This Senator's Filibuster Comments Will Help You Understand What The LGBT Community Is Going Through
For gay, lesbian, bisexual, and transgender Americans, the slaughter of 49 people in Orlando has been hard. Really hard. Personally, I've had a difficult time stomaching the news; I broke down in tears several times, bawling while watching Anderson Cooper read the names of the victims. On social media, friends tell the stories of their friends who were killed, about their former plans for the future, and how you can now donate to their funerals. It's intense stuff, and to understand what we're going through, start with Sen. Tammy Baldwin's comments at Wednesday's filibuster on gun control.
Sen. Chris Murphy of Connecticut has been filibustering — with the help of his colleagues — since Wednesday morning to force a vote on a few basic gun control measures. At about 6 p.m. ET, Baldwin asked her colleague a question, starting off with the fight for gun control and the lack of reaction after past massacres like Sandy Hook. But then the first openly lesbian elected senator gave voice to the special effect the Orlando attack has had on the LGBTQ community:
I also have to speak as a member of the LGBT community. On Friday, this last Friday, I had the honor of going to the opening ceremonies at Milwaukee, Wisconsin's PrideFest. They were celebrating their 30th year of PrideFest. In preparing for what I was going to say at that opening ceremony, I reflected on how different things were 30 years ago in 1986. That was actually the year I was first elected to local office. And I didn't have a lot of colleagues who were in the LGBT community in America, let alone the world at that point in time. And, boy, we have changed. We have seen such progress.
But after celebrating the opening of PrideFest in Milwaukee, I woke up on Sunday morning, as we all did, to this horrific, this horrific tragedy in Orlando. A hate crime is a crime that targets a particular audience, a particular group in order to send terror throughout that community, not just the victims but all who share characteristics with the victims, and in a month, June, which is Pride Month, to usually celebrate how far we have come over oppression, over discrimination, over hate crimes, to wake up and see this was truly unspeakable.
The progress we've made as a community in recent years is astounding. Even looking back just five years ago, the legal and cultural landscape today is unrecognizable for LGBTQ Americans. Yes, there's so much more to do, and violent attacks remain far too common, especially on transgender members of the community. But there was never anything like this. The closest comparable hate crime in scale happened in 1973, more than 40 years ago.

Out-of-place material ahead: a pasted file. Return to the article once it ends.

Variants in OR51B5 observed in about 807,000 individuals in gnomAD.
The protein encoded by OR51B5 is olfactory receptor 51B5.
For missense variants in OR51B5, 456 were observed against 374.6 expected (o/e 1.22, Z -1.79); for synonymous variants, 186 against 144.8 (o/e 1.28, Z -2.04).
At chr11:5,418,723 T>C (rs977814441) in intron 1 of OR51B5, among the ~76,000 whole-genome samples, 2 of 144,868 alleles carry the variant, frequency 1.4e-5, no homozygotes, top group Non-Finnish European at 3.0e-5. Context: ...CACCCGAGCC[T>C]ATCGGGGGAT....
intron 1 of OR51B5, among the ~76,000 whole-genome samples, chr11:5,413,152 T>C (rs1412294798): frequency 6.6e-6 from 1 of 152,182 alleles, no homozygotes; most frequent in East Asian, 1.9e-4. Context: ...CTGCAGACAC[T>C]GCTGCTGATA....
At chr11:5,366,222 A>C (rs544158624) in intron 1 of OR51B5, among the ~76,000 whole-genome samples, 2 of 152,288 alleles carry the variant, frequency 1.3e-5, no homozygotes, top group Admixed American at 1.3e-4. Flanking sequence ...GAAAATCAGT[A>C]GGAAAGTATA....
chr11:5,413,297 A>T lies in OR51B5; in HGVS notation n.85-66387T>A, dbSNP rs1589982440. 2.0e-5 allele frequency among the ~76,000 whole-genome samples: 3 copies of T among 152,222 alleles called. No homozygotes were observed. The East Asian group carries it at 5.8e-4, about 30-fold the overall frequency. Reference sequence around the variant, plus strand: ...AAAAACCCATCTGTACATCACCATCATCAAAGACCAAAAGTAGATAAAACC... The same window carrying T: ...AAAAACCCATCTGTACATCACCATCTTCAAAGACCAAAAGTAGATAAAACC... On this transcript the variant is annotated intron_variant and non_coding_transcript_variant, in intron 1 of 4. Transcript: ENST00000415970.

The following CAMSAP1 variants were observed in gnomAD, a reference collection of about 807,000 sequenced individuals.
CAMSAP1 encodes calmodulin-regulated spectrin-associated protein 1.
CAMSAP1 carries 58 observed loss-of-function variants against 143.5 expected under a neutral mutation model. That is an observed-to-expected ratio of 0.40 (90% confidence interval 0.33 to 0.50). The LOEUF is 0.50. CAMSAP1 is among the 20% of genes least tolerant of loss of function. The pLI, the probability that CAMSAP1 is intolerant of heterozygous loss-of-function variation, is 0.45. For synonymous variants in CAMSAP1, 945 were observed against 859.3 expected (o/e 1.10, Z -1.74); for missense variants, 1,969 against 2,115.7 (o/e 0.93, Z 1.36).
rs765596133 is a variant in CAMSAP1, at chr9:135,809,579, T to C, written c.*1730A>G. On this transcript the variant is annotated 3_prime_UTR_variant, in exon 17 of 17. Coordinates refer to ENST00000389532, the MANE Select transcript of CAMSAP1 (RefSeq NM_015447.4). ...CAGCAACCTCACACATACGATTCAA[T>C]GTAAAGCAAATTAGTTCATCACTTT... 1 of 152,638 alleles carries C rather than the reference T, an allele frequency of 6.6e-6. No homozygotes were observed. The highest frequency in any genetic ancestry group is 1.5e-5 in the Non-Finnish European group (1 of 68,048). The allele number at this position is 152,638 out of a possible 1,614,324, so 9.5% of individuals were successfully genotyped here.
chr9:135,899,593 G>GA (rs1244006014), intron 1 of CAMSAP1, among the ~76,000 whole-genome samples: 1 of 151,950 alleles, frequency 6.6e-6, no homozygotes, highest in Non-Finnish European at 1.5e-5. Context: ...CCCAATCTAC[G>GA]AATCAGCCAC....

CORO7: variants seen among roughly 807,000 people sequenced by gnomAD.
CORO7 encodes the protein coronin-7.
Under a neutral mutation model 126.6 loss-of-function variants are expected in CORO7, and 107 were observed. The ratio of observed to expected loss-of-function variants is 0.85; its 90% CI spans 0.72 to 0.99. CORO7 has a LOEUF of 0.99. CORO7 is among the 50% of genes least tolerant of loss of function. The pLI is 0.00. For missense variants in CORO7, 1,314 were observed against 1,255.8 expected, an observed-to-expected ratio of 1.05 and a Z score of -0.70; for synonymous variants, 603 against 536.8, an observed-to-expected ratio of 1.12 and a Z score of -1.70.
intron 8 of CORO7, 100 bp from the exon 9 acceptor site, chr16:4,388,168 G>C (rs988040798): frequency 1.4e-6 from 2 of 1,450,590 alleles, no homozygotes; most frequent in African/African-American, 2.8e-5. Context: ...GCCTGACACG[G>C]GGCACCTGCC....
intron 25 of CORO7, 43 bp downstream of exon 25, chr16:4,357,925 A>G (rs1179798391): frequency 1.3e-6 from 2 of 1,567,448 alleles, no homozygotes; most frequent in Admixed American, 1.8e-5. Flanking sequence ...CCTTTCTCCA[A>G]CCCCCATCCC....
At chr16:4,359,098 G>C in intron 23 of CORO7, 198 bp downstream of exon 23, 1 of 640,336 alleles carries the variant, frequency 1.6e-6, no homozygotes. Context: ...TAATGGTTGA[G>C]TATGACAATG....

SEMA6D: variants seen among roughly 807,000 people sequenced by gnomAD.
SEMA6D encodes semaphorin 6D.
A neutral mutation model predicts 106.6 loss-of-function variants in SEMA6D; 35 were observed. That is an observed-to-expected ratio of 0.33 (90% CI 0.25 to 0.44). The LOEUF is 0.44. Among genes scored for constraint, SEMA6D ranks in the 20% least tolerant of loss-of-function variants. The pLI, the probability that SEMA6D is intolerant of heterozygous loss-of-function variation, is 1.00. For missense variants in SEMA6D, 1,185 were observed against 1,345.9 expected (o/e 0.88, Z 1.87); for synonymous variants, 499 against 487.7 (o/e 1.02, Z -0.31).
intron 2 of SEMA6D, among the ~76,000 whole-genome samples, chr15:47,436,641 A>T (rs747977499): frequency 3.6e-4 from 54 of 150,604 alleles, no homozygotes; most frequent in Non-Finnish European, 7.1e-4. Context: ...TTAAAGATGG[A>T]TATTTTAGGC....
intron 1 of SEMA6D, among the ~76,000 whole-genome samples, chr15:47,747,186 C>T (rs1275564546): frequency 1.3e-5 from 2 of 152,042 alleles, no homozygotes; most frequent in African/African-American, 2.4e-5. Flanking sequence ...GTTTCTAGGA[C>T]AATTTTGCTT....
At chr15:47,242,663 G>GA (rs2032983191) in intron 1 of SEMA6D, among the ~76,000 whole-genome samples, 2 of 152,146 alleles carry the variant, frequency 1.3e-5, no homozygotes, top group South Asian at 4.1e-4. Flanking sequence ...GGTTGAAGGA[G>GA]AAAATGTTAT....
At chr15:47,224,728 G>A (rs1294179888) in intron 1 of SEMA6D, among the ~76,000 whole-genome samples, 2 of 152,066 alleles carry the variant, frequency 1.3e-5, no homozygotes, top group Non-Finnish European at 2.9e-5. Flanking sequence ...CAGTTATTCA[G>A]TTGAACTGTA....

Baldwin gives voice to the feeling that we LGBTQ people have, the feeling that once again we are a target. A society that seemed to move closer and closer to acceptance and equality for its LGBTQ citizens also raised a man who hated us so much, perhaps hated himself so much, that he decided to gun us down. That realization comes as a shock. His actions shattered the feeling of safety and acceptance that arose from so many successive legislative and judicial victories.
But this shock must also galvanize us toward the next fight. How do we stop this from happening again? Baldwin, during her question, said she supports an amendment to the appropriations bill H.R. 2578 that would increase funding to investigate and prevent hate crimes. In addition, she said she will support an amendment from Sen. Bob Casey of Pennsylvania that would add misdemeanor hate crimes to the list of offenses that would prevent the purchase or possession of "weapons of war." And that's on top of universal background checks.
Because, as Baldwin said:
When is it enough? When are we going to act? We also in the political world so regrettably fall into our — I don't know what to call it — comfort zones. You know, let's only talk about this as a terrorist incident or let's only talk about this as a hate crime or let's only talk about this in terms of gun violence. This is all of the above, and we have to come together. We have to be united. We have to be strong in order to respond.
She went on to read the names of all the 49 victims and what we know about them. Then Baldwin ended her comments with a question: "Do you agree that the time to act is now and our thoughts and prayers for their deaths are important but not enough?"
Yes, we do, Sen. Baldwin.